On Saturday we collected day old Hubbard chicks and Pekin ducklings (supplied by S&T Poultry). We’ll grow these on for the table. The ducks will produce a fatty Aylesbury type table duck and the Hubbards are a good breed for outdoor (free-range or organic) poultry enterprises. They are hardier than Ross Cobs and tend to range well outdoors.
Steve created a new “cat proof” brooder area for them, making use of some SuperQuilt offcuts for the top. Its excellent insulating properties are ideal for a brooder pen (though rather expensive if you were buying it for the purpose).
Keeping the chicks warm
The day olds start off under a heat lamp. For larger groups, gas brooders are more economical. In this case, we’re using an electric brooder lamp.
You can find detailed information (including temperatures required) for brooding chicks and raising poultry for eggs or the table in Steve’s 130 page Free-Range and Organic Poultry e-handbook, dubbed The Poultry Keeper’s Bible by one reviewer.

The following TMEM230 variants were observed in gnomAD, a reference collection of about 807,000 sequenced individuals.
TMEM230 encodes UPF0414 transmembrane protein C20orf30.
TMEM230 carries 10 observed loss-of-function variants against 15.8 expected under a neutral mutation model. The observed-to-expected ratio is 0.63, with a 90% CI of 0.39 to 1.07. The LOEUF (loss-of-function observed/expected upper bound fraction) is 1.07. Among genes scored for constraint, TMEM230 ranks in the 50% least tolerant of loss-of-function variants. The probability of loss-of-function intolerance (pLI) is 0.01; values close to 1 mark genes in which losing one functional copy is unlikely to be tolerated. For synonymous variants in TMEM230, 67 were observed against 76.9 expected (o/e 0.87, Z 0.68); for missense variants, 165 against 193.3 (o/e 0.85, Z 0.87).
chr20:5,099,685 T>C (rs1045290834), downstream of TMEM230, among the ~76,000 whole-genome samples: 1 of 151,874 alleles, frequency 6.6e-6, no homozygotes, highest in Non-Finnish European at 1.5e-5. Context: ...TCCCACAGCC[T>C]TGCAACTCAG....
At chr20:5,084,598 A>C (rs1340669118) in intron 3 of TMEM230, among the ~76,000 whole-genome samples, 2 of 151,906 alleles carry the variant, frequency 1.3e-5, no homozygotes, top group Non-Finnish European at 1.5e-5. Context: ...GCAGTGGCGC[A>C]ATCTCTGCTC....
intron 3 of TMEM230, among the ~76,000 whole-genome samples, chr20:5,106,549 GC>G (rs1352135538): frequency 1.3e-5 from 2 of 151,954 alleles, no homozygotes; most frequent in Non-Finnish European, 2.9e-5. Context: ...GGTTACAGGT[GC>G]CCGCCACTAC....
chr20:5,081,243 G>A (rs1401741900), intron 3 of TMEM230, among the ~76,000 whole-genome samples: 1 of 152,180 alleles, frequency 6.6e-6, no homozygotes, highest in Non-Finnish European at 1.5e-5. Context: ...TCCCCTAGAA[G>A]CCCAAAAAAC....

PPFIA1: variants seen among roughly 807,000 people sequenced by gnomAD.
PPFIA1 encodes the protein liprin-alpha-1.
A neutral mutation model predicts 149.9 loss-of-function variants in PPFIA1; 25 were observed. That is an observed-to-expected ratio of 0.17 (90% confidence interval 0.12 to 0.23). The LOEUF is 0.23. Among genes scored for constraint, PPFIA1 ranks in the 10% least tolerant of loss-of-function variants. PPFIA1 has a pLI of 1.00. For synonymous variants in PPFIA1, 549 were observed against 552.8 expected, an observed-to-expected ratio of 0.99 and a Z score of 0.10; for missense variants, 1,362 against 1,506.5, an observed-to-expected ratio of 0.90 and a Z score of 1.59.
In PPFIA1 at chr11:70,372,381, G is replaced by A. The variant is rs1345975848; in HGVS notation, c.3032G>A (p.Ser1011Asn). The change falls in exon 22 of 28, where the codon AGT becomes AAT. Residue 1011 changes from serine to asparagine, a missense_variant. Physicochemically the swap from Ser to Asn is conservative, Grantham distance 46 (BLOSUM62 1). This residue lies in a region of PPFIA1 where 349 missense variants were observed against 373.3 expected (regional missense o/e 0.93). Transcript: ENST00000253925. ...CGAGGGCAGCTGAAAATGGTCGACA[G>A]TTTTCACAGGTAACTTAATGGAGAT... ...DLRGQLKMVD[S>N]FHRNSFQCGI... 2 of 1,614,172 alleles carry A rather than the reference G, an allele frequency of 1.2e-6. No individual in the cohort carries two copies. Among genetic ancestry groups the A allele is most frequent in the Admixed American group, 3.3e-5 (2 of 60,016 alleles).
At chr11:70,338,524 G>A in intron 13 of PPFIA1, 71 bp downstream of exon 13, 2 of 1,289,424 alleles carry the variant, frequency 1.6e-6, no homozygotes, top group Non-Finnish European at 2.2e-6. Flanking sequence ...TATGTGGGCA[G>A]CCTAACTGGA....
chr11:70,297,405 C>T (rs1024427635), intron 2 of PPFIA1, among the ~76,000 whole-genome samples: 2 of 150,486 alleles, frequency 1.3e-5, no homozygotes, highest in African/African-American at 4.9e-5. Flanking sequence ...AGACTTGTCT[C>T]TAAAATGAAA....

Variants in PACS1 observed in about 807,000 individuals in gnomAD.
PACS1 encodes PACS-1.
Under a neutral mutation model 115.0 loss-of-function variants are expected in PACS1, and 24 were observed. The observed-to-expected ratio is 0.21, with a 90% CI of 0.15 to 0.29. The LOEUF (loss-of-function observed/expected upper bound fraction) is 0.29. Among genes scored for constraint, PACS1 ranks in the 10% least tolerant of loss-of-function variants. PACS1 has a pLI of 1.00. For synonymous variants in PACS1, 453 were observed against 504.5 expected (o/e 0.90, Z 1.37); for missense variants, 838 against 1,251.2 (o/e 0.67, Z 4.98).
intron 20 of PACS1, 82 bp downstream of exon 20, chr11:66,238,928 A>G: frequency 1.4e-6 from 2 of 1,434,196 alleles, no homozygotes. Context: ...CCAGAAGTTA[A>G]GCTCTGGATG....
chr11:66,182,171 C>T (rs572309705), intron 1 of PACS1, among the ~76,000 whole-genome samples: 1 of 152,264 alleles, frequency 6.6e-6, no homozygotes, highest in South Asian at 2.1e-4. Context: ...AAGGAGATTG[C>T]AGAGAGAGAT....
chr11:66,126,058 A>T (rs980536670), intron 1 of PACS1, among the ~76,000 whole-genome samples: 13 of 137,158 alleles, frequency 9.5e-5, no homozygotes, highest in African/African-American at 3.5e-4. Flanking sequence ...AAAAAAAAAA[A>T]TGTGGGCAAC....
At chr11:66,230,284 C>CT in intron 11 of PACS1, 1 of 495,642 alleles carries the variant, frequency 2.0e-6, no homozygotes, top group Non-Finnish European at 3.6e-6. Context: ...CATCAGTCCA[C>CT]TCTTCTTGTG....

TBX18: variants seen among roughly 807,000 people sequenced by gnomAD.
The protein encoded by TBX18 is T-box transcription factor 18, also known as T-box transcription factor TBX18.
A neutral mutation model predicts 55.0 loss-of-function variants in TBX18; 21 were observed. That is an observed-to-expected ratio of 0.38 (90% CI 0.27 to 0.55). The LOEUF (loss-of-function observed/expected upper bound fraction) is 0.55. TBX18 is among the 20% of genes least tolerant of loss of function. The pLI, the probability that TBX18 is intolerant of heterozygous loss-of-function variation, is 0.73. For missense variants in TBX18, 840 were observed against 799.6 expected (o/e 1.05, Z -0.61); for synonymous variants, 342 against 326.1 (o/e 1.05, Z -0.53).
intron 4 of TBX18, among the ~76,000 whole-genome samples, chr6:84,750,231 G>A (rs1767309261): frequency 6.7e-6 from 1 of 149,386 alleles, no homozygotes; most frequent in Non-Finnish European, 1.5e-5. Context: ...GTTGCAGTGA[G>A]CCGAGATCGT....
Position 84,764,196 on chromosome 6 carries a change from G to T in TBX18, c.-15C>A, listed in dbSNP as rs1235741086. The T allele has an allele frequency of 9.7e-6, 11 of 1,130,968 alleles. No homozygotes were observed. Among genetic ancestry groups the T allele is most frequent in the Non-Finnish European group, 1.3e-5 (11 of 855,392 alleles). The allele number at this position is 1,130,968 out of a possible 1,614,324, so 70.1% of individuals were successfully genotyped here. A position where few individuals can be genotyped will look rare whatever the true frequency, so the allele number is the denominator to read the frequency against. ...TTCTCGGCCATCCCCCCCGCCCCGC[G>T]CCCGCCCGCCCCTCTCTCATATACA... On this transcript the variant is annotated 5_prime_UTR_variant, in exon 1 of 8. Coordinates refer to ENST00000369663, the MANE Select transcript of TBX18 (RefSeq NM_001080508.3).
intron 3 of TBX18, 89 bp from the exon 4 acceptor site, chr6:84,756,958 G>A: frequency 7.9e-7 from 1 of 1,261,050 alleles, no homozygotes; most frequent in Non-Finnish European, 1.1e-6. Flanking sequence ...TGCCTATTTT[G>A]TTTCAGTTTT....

How to check the temperature is right
Ideally you keep a thermometer in the brooder pen so you can keep the heat at the required level. Another good indication is the position of the chicks. If they’re crowded into the corners away from the lamp, then it’s too hot. If huddled under the middle of the lamp, then it’s too cold.
What you want is a nice ring doughnut arrangement of chicks under the lamp. That shows you’ve got the temperature about right. The chicks are very vulnerable at this early stage so check on them as often as you can (every few hours if possible).
In this photo they are a bit huddled, as the temperature drops when we open the front flap.
Growing birds for the table
We’ll grow the table birds on for 12 -14 weeks to produce a largish bird. We’re a family of 5, so prefer a 2.5kg to 3kg bird that we will feed us for 2 days.